The Town of Fort Frances has had nearly twice as many accidental 9-1-1 calls this year, compared to 2018.
From January to the end of September, there were 355 9-1-1 hangups, pocket dials, or dropped cell calls, which is up from 189 over the same period last year.
“This is a significant increase year over year in calls for service and the OPP are obligated to respond to each and every one of these calls,” said Police Services Board member Coun. John McTaggart during Monday evening's council meeting.
He stressed that these calls cost taxpayer money and take police resources away from real emergencies.
If 9-1-1 is accidentally dialed, stay on the line and tell the emergency communications officer what happened.
If the call is hung up after an accidental dial, the police will have to call you back which further delays the incident and could tie up the line for someone who actually needs it.
“Police services are a significant portion of the annual municipal budget. We pay for a contract with the OPP for base service and coverage,” Coun. McTaggart noted.
In addition to the base contract price paid by the municipality, it pays for calls for service on a pre-determined time standard.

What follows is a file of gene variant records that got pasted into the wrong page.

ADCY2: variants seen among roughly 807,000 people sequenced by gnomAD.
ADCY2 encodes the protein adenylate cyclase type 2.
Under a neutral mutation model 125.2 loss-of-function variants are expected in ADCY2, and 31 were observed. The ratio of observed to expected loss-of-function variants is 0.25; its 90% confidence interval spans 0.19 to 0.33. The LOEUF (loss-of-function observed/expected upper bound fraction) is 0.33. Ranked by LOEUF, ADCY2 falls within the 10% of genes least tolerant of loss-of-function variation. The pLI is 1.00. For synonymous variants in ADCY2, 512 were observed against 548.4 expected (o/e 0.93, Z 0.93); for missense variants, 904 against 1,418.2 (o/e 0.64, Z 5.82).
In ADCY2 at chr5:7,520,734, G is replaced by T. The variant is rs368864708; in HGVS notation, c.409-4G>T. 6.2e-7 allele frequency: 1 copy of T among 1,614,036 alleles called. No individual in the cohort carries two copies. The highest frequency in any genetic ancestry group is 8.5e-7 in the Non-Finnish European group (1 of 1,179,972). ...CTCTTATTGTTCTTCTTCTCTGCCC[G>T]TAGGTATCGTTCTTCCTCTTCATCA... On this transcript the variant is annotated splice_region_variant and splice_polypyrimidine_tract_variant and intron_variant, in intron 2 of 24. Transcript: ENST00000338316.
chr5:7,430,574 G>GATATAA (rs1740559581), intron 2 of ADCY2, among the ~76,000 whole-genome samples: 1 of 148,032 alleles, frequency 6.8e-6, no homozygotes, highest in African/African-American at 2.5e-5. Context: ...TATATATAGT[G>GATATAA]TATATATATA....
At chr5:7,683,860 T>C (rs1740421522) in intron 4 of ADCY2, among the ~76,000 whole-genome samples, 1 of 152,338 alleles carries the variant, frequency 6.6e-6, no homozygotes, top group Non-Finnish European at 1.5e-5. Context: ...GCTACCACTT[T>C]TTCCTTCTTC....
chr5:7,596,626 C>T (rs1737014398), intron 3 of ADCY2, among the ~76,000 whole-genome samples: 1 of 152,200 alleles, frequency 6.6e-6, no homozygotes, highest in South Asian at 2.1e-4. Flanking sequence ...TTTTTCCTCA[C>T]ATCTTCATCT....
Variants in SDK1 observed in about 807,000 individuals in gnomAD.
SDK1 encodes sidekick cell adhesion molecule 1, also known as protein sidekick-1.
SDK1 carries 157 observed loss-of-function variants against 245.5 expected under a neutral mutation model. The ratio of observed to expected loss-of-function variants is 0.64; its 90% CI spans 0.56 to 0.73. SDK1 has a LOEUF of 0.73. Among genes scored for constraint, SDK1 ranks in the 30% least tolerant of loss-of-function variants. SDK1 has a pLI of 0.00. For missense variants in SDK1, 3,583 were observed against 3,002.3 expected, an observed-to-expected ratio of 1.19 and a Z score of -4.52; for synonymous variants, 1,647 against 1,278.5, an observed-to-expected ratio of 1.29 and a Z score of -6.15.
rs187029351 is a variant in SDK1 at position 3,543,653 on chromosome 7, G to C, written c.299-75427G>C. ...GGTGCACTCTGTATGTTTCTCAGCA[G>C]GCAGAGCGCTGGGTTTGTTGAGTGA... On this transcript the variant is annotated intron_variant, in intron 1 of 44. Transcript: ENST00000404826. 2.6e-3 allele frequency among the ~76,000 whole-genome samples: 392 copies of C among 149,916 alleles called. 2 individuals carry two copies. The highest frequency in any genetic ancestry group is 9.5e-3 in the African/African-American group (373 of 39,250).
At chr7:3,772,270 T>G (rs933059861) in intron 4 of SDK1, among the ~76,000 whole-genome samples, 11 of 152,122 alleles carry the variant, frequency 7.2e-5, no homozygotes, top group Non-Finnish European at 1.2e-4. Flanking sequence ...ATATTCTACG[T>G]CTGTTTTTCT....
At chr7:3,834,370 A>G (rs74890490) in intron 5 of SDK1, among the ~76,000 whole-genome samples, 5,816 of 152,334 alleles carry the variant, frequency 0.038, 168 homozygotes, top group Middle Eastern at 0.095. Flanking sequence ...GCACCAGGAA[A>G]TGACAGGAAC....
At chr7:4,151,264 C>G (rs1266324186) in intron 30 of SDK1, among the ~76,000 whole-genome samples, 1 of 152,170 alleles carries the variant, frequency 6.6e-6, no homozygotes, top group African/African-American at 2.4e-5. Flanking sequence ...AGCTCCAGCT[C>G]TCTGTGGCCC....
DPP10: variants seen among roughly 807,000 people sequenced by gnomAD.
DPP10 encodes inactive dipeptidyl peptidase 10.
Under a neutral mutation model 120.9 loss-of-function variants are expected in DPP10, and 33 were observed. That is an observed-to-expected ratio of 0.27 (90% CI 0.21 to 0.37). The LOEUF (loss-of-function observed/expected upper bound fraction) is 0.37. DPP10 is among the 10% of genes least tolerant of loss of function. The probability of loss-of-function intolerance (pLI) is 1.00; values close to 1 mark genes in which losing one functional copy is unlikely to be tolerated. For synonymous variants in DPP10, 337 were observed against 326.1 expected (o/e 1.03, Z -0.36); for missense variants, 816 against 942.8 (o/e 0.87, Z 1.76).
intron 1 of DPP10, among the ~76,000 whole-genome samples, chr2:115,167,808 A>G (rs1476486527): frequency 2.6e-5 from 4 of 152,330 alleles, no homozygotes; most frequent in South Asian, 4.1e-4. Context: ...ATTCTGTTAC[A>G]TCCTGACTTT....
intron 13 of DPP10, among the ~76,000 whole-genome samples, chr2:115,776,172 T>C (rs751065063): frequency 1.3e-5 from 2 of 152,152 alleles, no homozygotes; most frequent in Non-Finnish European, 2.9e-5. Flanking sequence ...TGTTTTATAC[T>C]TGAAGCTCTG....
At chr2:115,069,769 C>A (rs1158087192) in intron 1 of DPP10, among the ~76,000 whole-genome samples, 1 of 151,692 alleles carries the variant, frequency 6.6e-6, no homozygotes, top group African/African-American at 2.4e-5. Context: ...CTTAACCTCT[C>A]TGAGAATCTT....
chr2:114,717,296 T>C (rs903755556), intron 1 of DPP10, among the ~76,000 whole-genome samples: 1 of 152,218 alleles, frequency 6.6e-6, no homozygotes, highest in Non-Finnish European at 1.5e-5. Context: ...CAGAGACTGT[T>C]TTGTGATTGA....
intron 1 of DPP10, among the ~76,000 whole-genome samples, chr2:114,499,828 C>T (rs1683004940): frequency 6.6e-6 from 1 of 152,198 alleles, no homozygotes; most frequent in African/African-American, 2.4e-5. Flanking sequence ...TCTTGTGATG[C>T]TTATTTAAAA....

Depending on the category of the call, the service for the time standard varies from 1.3 to 37 hours per call, Coun. McTaggart said.
“These calls for service are very important but they are not free of charge and by no means do I want to discourage anybody from calling the police when you feel you need assistance,” he stressed.
“I just want to urge you to make sure everyone in your household is aware that improper 9-1-1 calls divert police resources from other calls or services.”
Coun. McTaggart asked the public to please avoid putting 9-1-1 as a preset on their cellphone that can be easily triggered or let small children use the homophone or a cellphone that may inadvertently dial 9-1-1.
“This is one area of calls for service to the OPP that can have a positive impact without our safety being compromised,” he remarked.